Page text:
loss of life in that process. Those who argue that terrorist violence
is the means of making change anywhere I think are unjustified.
Q22 Mr Winnick: Just one final point
if I may, Home Secretary, referring to what Mr Malik said. If
someone is prosecuted for supporting violence by the Palestinians
against the post 1967 occupationit so happens I am totally
opposed to suicide bombings, as I am against the Israeli violenceis
there not a danger of bringing the law into disrepute where when
the court case takes place, with all the safeguards, the actual
prosecution occurs, someone argues that in all the circumstances,
not that I would necessarily by any means accept the argument,
but like South Africa under apartheid so Palestinians fighting
against the post 1967 occupation have a right to violence and
therefore the court would turn, to a large extent, however much
a judge may try and avoid this into a disputed political argument
about the Palestinian/Israeli conflict? All that I am saying to
you really is that perhaps this is a matter that should be looked
Mr Clarke: The Palestinian Middle
East conflict is a classic exception to what I said earlier, and
what the Chairman thought was too big a historical sweep where
progress has not been made in that sense. Even in that area, as
you have just indicated yourself, I do not think that suicide
bombing or terrorist violence is the means of making change in
that area, I think exactly the opposite is the case in fact, and
I think those who seek to encourageI come back to that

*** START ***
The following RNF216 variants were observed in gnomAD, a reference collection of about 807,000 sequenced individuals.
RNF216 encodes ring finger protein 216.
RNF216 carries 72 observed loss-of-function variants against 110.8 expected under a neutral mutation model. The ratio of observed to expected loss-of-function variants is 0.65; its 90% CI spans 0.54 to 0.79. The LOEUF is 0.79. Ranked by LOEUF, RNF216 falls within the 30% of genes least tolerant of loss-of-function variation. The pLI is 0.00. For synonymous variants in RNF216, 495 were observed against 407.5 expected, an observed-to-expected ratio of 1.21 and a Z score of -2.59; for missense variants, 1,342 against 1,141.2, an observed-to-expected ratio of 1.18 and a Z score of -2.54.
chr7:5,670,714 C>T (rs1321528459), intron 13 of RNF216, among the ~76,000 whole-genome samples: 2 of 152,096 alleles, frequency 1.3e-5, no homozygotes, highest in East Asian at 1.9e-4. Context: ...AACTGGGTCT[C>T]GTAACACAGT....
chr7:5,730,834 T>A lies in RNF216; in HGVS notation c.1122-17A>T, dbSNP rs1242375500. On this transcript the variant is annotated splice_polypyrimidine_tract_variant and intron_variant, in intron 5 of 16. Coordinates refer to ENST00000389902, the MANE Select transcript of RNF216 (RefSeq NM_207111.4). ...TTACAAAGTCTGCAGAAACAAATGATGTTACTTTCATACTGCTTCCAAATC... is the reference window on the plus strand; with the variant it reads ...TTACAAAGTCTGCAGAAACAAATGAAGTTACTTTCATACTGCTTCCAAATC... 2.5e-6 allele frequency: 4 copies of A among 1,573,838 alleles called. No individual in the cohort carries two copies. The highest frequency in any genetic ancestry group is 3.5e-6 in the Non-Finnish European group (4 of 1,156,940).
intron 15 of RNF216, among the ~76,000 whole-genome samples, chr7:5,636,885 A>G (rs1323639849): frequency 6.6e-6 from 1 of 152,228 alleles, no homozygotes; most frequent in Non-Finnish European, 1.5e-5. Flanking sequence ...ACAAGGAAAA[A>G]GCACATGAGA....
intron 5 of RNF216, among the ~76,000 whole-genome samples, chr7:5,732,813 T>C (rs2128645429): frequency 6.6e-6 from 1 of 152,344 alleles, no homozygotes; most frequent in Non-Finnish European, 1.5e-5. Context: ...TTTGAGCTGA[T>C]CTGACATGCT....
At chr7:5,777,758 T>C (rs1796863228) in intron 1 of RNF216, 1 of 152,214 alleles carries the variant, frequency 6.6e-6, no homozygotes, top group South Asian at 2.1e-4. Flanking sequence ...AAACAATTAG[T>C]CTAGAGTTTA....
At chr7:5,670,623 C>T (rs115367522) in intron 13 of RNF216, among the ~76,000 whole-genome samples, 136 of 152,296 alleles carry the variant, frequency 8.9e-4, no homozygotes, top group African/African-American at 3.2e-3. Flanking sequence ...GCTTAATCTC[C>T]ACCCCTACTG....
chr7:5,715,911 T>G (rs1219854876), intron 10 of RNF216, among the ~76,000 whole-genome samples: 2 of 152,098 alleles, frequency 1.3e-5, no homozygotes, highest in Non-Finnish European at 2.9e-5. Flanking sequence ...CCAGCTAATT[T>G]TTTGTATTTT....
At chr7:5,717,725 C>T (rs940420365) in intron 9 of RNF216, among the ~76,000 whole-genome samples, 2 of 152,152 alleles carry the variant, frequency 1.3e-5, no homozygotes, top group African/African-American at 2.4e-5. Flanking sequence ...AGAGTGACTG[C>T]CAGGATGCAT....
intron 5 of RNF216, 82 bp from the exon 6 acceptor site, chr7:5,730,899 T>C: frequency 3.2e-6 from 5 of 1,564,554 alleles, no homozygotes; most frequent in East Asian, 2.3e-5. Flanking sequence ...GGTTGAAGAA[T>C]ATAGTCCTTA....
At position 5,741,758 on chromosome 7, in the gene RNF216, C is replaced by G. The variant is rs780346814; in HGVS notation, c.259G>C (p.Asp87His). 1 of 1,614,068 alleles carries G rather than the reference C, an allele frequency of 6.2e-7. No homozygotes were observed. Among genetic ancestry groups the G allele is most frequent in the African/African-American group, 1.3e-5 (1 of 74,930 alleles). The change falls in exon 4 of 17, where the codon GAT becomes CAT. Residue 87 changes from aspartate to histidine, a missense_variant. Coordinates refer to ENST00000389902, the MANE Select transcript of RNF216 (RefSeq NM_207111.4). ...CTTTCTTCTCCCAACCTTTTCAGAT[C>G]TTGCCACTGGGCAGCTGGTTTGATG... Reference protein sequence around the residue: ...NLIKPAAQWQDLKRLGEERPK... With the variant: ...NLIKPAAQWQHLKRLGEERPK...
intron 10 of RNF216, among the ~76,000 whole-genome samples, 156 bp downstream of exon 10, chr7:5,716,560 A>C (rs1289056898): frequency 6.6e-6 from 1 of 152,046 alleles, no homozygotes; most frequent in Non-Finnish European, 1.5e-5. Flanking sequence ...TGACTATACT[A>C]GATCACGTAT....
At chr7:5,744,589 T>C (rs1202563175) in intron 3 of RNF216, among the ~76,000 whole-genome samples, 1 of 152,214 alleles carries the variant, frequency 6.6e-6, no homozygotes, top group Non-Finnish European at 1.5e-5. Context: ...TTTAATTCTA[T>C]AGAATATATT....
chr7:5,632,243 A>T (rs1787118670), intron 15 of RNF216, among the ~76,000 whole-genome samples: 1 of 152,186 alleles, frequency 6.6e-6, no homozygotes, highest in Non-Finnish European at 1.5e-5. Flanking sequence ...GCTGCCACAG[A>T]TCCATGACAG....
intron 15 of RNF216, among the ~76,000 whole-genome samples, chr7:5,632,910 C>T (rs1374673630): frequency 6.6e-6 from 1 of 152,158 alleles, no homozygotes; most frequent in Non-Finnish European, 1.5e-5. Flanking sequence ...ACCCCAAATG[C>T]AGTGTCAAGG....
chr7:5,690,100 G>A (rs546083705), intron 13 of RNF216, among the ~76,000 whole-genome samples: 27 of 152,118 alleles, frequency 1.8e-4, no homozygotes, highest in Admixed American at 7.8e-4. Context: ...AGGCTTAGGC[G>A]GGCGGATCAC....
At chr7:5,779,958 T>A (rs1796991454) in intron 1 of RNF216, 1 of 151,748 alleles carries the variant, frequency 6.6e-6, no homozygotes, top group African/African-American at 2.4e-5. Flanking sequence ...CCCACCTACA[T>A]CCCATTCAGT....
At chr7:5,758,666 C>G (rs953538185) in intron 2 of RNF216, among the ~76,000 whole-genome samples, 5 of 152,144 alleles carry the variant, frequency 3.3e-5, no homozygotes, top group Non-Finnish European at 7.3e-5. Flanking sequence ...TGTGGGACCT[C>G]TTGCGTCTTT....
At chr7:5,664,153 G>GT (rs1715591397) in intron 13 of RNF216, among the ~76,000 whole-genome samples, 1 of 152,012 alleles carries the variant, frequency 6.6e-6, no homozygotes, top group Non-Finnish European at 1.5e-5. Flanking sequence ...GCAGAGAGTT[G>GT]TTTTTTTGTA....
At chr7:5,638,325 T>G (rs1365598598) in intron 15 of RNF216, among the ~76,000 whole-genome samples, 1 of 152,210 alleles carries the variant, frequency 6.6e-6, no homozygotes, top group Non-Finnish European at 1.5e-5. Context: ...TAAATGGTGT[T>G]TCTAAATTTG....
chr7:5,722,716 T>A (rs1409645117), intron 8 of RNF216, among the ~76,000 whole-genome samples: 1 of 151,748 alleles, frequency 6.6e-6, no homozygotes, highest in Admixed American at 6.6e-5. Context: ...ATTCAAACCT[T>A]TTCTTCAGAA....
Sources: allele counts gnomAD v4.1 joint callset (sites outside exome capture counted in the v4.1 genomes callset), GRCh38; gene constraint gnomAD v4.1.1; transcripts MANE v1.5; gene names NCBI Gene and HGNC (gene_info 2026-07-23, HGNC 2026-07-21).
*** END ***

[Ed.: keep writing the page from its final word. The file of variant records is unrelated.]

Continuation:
word againterrorism to make change in the Middle East are
wrong and should not be protected.
Q23 Chairman: I am rather abusing
my position as Chairman but you just said a moment ago you could
not think of a single circumstance in the world where violence
would be the right way to promote political change. Two years
ago this country invaded Iraq in order to promote political change.
I do not understand, that was presumably the war to end all wars
because there has never been a circumstance where it would be
justified to advocate invading Iraq to change the government,
yet advocating political violence to change a government is an
offence under the 2000 Terrorism Act.
Mr Clarke: I well know your position
on the Iraq war, Mr Denham.
Q24 Chairman: My position is neither
here nor there, it is what the law says, Home Secretary.
Mr Clarke: No, but it is a question
you are raising for me, and the issue of the Iraq war was following
the United Nations Security Council position the acts were then
taken to try and change the situation in pursuit of the United
Nations. I do not know if that is an argued point but it is in